It's a lazy, rainy Sunday ... and although the country is out of lockdowns, it seems the habit to stay at home has stuck. On days like this when the motivation to work is non-existent, lying back watching something thought provoking, artistic and endearing feels like a good use of one's life. The problem is finding quality content can be a pain ... I can personally attest to having spent more time during the lockdown searching for things to watch than actually watching them! So to save our readers some time, here's my pick of the top five things I watched this year. It's an eclectic mix, but that's what we humans are, eclectic. Something different for each day. Have a watch and let me know what you think.
1. The Alpinist
If you watched Free Solo and loved it, then watch The Alpinist. It takes the sport of free solo to new heights through the tales of a relatively unknown, under the radar, free soloist - Marc-André Leclerc. A loveable, goofy kids who does what he does for the love of it - not for sponsorships, not for profile and definitely not for money. I hate spoilers and won't say more.
2. Human Flow
Human Flow documents what is mostly referred to as the 'refugee crisis' in the most unexpectedly beautiful and poignant way. It shows us the human flow occurring around the world, as natural and political environments change. The artistry of director Ai Weiwei is obvious throughout. One for all lovers of cinematography to watch even if they don't give two bobs about refugees. No other reporting into refugees has humanised the issue more.
3. The Farthest - The Voyager Spacecraft
In these times of PR and spin, when 5 minute jaunts in 'space' by billionaires is presented as being a "remarkable new achievement in space travel" we all would do well to watch The Farthest to see what breakthrough in space travel really looks like. And no, there are no billionaires headlining the event either. Instead we get to hear from the team of scientists who built the Voyager spacecraft, programmed the trajectory, made the 'golden record' and tracked it's journey for over four decades it took to travel across our solar system and into deep space. On it's way, it swung by all the outer planets, sending first time seen footage that led to groundbreaking new findings on what 'life' at the edge of the solar system is like. On Carl Sagan's romantic notion, it also did a loop around to take the first ever 'selfie' of our solar system, inspiring the beautiful poem, Pale Blue Dot.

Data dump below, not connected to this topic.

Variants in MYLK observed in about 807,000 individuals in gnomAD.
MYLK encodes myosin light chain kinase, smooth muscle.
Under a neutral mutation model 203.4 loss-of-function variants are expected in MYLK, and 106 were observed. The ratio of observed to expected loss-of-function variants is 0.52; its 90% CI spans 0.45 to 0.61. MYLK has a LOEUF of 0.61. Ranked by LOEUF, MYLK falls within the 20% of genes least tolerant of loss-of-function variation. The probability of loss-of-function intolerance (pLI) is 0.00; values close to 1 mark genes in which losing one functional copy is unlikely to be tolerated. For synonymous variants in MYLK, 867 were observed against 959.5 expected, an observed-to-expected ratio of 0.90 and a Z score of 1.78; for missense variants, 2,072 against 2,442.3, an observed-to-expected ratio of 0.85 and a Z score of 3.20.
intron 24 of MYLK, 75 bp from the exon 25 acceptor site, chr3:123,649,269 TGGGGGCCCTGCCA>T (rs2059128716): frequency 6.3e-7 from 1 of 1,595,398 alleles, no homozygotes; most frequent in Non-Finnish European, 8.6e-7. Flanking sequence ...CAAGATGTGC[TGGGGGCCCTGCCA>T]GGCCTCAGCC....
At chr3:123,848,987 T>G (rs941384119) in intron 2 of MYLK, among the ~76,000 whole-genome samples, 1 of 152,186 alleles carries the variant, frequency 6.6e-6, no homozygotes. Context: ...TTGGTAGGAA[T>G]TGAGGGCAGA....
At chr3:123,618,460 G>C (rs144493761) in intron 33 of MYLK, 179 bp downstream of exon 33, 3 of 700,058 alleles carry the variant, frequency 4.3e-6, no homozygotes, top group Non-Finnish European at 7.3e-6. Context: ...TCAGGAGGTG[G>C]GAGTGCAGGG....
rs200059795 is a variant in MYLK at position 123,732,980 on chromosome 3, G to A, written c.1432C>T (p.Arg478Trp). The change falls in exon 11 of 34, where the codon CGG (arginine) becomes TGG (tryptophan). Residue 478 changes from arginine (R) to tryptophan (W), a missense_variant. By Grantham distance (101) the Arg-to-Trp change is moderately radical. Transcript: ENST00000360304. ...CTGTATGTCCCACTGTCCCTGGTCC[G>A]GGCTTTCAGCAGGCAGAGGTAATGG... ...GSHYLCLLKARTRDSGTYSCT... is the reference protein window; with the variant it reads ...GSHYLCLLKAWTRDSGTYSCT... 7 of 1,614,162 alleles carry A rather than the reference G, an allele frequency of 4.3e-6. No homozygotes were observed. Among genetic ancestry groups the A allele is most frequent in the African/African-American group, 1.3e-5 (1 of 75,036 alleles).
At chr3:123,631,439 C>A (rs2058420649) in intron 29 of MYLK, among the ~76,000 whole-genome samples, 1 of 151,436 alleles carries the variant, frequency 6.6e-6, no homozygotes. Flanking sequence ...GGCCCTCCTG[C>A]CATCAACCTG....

4. Michael Sherman & Bernardo Kastrup discussion consciousness
In the age of social media, most of us are unwittingly living in our little echo chambers, where algorithms decide what we see based on the box they have pigeonholed us in. To counter this we must all actively seek to seek and engage in content and with people at the opposite ends of spectrum - to understand their world views, test the assumptions underpinning ours and seek to find the middle ground. This is why this particular podcast has made it to my list. Renowned sceptic Michael Shermer interviews computer scientists and philosopher Bernado Kastrup to discuss consciousness. They dive into Bernado's critism of scientific materialism, the dominant scientific paradigm of the moment that regards matter to be the origin of all things including consciousness.
Yoga has spread like wild fire through the west and in the process has been reduced to it's physical aspect. Today it's mostly about body image. This could not be further from the essence of the yogic path. Agniyogana explores the deeper aspects of the traditional Hatha Yoga with an artistic flair. It evokes the feeling of meditation for that is what yoga is, an introspective exploration of the nature of our self, consciousness and reality.
And here's another thing worth your while - check out my new book!
A new picture book,
written by Reeta Dhar &
illustrated by Darren Pryce
Beautifully crafted illustration
Engages kids in counting
Imparts wisdom on happiness